story by Lindsay Humphrey “I like the super slow looking runs because they aren’t wasting motion,” said Anita Cruse who still considers herself a student […]
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Meet the Member Teresa Brevik
story by Lindsay King
The smile in Teresa Brevik’s voice is just a small physical symbol of the pure joy she has found in life – both inside and out of the arena. “I wouldn’t trade it for the world. I was born and raised in rodeo,” said the New Mexico native from Farmington. “I entered my first rodeo when I was eight years old and I won the breakaway that night. I was hooked after that.” A brother and parents who loved rodeo as much as Teresa planted the seeds that sunk deep roots and have yet to let loose. “My dad cowboyed a lot while I was growing up. We always helped neighbors bring herds down off the mountain for branding, so we did a lot of cowboying too.”
Teresa’s dad owned a construction company and her mom helped run it. Teresa and her brother helped the family business pour concrete and frame houses on their summer breaks. Together, the entire family put in long hard days only to turn around and practice their events even harder. “I am blessed my parents let us work that hard and then rodeo just as hard. My dad taught us really strong horsemanship skills and then sent us to people who roped really well. Because of that my brother and I were able to make some really good horses and are both pretty good ropers.” The hard work quickly paid huge dividends for Teresa when she got both an academic and rodeo scholarship to Tarleton State University in Stephenville, Texas.
The breakaway and team roper said she never made it to nationals, but that region of the state helped take her game to the next level. “Those four years in Texas made me the roper that I am today.” The self-proclaimed “nerd cowgirl” earned a bachelor’s degree in biology with a minor in exercise and sports studies. She also graduated with honors. This was in 2009. “I have always loved the body and how it works, especially the heart. I just followed that and then a senior project steered me in a new direction.” The project dealt with the water system of the college town and Teresa unknowingly knocked it out of the park. “I didn’t realize how broad a biology degree is, but I am doing exactly what I went to school for.”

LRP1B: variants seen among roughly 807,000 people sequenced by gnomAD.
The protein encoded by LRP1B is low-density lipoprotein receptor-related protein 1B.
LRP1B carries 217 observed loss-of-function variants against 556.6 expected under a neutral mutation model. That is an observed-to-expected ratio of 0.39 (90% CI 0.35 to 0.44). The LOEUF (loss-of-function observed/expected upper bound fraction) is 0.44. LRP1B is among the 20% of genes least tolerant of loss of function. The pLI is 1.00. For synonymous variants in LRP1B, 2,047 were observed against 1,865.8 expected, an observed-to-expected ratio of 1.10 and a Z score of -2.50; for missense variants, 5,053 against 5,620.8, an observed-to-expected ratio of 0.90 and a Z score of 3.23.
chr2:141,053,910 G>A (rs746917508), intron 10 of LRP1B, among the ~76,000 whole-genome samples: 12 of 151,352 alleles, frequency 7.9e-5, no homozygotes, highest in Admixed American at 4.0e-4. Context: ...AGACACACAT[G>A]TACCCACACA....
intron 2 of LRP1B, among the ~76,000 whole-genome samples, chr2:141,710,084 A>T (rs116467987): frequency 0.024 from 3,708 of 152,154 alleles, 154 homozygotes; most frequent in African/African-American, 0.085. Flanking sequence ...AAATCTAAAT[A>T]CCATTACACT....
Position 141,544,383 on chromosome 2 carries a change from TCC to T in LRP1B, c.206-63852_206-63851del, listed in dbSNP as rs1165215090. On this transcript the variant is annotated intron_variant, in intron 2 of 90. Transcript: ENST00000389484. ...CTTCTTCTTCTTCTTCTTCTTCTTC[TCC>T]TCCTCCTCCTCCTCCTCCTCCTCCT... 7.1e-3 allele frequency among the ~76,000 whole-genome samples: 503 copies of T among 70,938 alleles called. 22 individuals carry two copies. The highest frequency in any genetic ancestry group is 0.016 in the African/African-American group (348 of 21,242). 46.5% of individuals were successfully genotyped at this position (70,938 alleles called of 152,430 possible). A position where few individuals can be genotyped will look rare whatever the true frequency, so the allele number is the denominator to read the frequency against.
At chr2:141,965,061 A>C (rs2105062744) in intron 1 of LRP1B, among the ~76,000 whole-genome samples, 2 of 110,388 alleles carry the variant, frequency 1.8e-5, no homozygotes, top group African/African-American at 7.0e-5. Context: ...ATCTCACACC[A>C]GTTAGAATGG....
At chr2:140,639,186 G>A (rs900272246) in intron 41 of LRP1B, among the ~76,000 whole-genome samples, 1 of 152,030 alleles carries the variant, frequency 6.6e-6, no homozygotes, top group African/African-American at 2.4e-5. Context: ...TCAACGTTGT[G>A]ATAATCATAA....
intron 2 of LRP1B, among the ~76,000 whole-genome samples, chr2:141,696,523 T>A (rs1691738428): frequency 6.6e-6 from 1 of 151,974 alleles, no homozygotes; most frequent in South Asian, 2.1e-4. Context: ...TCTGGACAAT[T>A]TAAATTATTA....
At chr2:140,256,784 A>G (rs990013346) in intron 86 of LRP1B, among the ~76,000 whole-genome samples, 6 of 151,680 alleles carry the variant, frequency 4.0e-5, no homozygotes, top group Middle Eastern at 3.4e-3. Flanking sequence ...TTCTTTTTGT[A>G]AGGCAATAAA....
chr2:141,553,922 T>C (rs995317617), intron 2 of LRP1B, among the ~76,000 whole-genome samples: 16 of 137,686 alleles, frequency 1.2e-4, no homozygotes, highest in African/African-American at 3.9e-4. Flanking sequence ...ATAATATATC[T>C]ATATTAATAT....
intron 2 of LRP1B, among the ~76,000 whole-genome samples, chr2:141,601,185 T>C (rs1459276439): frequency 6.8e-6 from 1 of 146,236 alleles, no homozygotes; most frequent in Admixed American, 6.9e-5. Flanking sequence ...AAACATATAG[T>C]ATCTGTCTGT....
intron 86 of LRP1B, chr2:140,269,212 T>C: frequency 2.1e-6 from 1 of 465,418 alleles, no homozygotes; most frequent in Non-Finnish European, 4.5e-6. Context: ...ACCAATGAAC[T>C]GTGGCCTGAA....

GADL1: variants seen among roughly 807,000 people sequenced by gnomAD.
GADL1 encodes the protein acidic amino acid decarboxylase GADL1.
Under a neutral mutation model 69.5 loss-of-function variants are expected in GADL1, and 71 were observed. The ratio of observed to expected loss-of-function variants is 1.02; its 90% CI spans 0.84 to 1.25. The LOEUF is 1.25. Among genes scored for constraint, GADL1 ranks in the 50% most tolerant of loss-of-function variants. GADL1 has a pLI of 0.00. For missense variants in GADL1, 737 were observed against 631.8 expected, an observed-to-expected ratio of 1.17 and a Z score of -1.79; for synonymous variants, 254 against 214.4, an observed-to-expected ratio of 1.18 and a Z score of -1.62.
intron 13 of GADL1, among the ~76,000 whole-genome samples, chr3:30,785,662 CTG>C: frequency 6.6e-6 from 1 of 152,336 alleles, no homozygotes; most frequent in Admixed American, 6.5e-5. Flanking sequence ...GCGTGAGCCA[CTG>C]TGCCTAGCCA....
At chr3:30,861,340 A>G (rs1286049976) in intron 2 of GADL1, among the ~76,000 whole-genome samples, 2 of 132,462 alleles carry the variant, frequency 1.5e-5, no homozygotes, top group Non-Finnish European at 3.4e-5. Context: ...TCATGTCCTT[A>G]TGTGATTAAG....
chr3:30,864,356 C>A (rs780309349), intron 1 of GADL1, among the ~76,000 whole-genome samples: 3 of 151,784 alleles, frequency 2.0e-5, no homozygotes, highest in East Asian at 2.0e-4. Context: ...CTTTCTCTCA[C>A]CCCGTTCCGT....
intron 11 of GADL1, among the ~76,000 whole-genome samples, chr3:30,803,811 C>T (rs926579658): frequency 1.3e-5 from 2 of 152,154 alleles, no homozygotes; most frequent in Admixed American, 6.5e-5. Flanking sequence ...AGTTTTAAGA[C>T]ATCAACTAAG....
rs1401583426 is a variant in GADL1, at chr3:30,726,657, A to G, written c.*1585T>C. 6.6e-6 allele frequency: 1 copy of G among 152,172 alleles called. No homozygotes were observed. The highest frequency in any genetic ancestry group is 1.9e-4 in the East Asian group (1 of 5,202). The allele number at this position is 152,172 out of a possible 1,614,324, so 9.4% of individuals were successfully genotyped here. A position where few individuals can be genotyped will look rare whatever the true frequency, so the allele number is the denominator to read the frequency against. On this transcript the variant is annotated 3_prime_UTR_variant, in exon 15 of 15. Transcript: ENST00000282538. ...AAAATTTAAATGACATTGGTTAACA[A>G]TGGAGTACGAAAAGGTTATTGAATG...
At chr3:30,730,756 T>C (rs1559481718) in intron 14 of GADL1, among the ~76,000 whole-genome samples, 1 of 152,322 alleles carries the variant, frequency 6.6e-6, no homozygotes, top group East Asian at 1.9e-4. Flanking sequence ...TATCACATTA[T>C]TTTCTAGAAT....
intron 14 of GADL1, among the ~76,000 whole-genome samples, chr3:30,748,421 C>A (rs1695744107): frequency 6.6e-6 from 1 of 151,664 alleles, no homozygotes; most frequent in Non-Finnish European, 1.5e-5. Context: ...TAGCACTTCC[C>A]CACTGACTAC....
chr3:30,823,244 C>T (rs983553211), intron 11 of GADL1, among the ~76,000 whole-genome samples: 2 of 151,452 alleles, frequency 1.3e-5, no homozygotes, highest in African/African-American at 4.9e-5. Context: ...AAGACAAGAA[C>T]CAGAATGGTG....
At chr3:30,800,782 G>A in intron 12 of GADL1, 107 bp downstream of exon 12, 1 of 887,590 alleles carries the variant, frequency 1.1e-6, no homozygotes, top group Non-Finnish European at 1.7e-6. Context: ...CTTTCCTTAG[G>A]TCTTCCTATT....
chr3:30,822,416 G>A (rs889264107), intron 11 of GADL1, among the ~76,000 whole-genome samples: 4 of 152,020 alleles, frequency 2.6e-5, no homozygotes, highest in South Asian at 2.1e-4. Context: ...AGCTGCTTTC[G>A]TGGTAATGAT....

As a project manager for Jacob’s Engineering, Teresa works with the water filtration system both into and out of the city as well as all the pipes in between. “My fiancé (Lonnie Garcia) owns a business, it’s the same sort of thing but for rural New Mexico. We run that business together and I also work for Jacobs. It is a great fit.” Teresa and Lonnie were married in August and a more perfect match would be impossible to find. “I think my dad hand picked him from heaven to make sure I was going to be ok.” Teresa used to team rope with her dad all the time before he passed away. She spent a handful of summers hitting the rodeo trail hard with her brother and still recalls it is as some of the best rodeoing they ever did. As the NMRA revs back up, those times might be replaced by home state rodeos in the future.
“I have been in the NMRA on and off since high school and I was asked to be a director last year. I figured it was finally time that I could do that volunteer type of position and it give it my all.” Teresa has seen the inner workings of a rodeo while helping her mom chair the largest NMRA event in the state, but the director experience is a touch different. “We have a good group on the board and it is a lot of fun to learn how to be a good director.” As the NMRA is seeking more members, it is getting creative. “Thinking outside of the box is the best way to describe it. The rodeos are coming to different towns and the mentality of the whole association is different. We are making a presence in the state again.”